Funeral home considering new location for controversial crematory

Harwood Home for Funeral owner explores possible compromise

Fred McCormick,

Harwood Home for Funerals owner Rick Harwood is considering another site for a controversial crematory he has proposed for his downtown Black Mountain, he told town alderman last week.

Harwood and his family have been “hurt” by comments from people opposing a rezoning request regarding the crematory he proposed for his West State Street business, he told aldermen Oct. 10. Several residents have raised concerns about having a crematory close to their homes and to Black Mountain's busy commercial district.

Harwood Home for Funerals is considering placing a crematory machine in its building, center, at Mountain View Memorial Park.

Despite what he said were hurtful comments, Harwood said he would "still be here for this community” and "always be here for this community.” To help people understand the nature of crematories and his business, Harwood invited people at the packed aldermen meeting and crowded overflow room to his funeral home. There, he said, they would meet Don Collins, an equipment representative of the company that makes the incineration machine Harwood is buying.  

Collins, no relation to the alderman by the same name, has been in the funeral and cremation business for more than 40 years, he told aldermen. His company, Matthews Environmental Solutions, has been making incineration machines for more than 60 years.

“We are the largest provider of cremation equipment in the world,” Collins said. “Matthews has over 4,300 cremation units in the United States and other parts of the world right now. Today’s equipment is designed to be more environmentally friendly.”

Collins said Harwood has made a down payment on a cremation machine. Construction cannot begin until the proper permits are granted by Buncombe County, as well as the state of North Carolina, Collins said.

“This machine is 12-and-a-half feet in length and weighs 24,000 pounds,” he said. “This is a heavy-duty piece of equipment.” Its safeguards "work on the emissions as much as possible to eliminate them,” he said. Any smoke left after the incineration is recirculated through a system of purifying baffles before being expelled into the air.

All machines are tested at the company’s facility in Apopka, Florida before being shipped, he said.

Collins' comments came as a result of Harwood's request that his West State Street business be rezoned to highway business from central business. A public hearing was supposed to be held Oct. 10 on that request, but a problem with Buncombe County's geographic information system resulted in the town mailing notices to residents and businesses within 166 feet of the funeral home, not the 200 feet required by law. The public hearing has been rescheduled for Nov. 7.

Harwood said about 10 people accepted his invitation to visit his funeral home after the aldermen meeting.

“Some people already have their mind made up,” he said in a recent interview. “I brought in a person that could answer questions about the very machine I’m looking to buy, and that was all that showed.”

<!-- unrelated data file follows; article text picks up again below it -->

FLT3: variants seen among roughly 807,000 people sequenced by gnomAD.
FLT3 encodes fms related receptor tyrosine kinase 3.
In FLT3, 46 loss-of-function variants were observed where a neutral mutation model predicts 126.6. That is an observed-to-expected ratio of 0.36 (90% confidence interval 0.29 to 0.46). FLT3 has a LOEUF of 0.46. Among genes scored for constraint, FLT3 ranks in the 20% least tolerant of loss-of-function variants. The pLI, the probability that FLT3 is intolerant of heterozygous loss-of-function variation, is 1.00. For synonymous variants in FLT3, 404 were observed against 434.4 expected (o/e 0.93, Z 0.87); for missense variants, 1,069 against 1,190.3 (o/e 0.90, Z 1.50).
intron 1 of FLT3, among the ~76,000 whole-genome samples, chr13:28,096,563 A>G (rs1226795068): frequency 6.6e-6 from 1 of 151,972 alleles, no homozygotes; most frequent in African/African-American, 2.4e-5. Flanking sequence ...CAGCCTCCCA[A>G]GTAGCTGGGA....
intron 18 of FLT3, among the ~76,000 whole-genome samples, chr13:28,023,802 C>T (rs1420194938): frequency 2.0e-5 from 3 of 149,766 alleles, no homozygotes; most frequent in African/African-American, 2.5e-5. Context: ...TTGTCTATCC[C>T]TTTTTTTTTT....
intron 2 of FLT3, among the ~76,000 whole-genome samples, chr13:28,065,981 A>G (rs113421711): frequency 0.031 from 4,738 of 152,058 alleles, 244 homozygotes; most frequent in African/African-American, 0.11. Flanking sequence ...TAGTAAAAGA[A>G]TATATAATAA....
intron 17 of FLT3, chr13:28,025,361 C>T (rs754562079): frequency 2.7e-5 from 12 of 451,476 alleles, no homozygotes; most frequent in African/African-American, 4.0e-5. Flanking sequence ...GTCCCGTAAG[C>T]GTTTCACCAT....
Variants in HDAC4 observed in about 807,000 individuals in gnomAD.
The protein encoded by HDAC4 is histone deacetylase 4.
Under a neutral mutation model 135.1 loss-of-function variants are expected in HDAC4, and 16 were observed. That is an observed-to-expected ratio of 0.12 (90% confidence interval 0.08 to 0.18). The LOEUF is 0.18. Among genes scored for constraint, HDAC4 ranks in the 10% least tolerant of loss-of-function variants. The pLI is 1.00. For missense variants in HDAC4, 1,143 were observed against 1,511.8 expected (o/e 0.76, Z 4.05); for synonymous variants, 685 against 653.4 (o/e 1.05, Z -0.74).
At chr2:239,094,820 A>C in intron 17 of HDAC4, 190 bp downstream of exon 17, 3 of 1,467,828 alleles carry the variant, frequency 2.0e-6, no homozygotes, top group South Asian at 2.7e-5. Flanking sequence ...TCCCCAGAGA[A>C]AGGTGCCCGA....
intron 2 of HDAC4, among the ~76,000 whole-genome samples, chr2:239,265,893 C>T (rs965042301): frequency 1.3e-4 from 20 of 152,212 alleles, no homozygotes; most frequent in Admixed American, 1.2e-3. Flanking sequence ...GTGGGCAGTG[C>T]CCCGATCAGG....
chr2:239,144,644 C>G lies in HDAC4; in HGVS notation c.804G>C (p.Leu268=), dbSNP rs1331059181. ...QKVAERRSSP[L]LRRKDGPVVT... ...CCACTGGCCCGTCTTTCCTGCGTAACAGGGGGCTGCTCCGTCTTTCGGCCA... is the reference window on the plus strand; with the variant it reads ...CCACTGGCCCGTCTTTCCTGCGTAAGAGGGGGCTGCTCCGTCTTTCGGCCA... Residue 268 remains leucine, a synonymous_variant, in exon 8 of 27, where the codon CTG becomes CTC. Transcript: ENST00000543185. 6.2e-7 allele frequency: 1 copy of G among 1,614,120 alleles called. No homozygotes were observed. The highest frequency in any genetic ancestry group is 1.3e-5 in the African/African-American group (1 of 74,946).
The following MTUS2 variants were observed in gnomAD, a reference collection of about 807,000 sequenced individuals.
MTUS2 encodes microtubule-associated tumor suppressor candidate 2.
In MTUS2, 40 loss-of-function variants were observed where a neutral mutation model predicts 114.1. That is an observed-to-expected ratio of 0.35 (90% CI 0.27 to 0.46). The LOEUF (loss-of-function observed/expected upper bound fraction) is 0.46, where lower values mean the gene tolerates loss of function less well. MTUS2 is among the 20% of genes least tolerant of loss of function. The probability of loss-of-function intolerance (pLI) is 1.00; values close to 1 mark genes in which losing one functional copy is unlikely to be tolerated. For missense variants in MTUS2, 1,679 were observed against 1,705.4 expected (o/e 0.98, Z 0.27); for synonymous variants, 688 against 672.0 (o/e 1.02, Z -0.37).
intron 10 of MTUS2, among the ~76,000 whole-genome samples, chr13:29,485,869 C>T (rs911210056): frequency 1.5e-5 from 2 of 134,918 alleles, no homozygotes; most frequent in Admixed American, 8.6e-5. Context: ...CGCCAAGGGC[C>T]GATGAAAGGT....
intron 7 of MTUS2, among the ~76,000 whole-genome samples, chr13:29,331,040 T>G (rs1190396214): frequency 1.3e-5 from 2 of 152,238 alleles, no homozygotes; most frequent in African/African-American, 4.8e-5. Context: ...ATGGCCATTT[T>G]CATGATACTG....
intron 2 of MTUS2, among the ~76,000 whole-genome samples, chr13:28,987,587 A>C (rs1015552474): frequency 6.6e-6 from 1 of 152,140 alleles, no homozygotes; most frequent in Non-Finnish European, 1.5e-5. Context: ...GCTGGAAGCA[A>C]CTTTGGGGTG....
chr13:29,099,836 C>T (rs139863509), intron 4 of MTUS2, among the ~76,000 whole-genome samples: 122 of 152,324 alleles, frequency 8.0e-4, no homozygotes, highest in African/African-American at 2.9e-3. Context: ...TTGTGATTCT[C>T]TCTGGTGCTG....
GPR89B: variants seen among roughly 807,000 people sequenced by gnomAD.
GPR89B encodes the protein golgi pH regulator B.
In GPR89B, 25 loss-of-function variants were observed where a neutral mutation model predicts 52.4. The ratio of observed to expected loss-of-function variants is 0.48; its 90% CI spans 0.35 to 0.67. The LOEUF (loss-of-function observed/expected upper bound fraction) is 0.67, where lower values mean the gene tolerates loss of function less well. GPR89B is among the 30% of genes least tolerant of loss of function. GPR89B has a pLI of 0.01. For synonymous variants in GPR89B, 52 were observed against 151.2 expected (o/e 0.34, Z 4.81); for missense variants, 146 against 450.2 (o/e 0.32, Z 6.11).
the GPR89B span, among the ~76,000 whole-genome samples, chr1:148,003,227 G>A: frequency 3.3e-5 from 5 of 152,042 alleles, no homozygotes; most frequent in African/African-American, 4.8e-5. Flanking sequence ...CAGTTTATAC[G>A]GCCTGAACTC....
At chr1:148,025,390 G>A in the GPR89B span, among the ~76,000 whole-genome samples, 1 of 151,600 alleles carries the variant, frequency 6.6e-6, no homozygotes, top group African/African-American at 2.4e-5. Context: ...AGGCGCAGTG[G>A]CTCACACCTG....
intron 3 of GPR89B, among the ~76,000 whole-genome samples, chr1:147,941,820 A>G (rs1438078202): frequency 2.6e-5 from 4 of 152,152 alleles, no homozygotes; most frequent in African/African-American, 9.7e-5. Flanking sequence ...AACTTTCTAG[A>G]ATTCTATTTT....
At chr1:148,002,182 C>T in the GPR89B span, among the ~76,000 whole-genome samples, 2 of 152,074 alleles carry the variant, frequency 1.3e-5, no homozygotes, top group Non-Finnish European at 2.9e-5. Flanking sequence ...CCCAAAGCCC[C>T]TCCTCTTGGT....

Harwood said he's considering placing the cremation machine in a newly constructed building adjacent to the Mountain View Memorial Park, the cemetery on Tabernacle Road he bought earlier this year. If he did that, he would have to ask the the town of Black Mountain to annex the land. And he'd have to retrofit the building to house the machine - an additional expense.

“I’ll have to jump through hoops,” he said. “All this is prolonging what I need to do to take care of my business. 

“I already pay taxes on my home, which is in the city,” he said. “I also pay taxes for my business, which is also in the city. If I go the route of putting the cremation machine out there, which would require the town annexing it, I’d be paying taxes on another location.”

Harwood Home for Funerals' current and requested zoning allows for crematories. Rick Harwood said he requested the rezoning for reasons beyond adding space for an incinerator.

"That building is almost 90 years old; it was built in 1928,” he said. “I have improvements I would like to make, and I can’t alter the footprint of it (because of) how it’s currently zoned.”

The board of aldermen will consider his rezoning request at its November meeting. Black Mountain's land use code does not allow the town to prohibit the funeral home from offering cremation services, town manager Matt Settlemyer said.

"He (Harwood) has the right to put this machine in his building right now, according to state statute," he said. "The only reason he needs to rezone is if he wants to expand the footprint of the building."

The business' current zoning bars Harwood from expanding or altering the building, even to make general improvements, Settlemyer said.

If Harwood decides to request annexation for Mountain View Memorial Park, the town could likely accommodate him, according to Settlemyer. The voluntary annexation process could take around 90 days and would also involve a rezoning of the land involved. But Harwood doesn't consider annexation as a solution.    

"What if I get to that point and neighbors of the cemetery come out and protest it?" he said. "Currently I could put (a cremation machine) right in the building I have in town, but not necessarily in the building at the cemetery."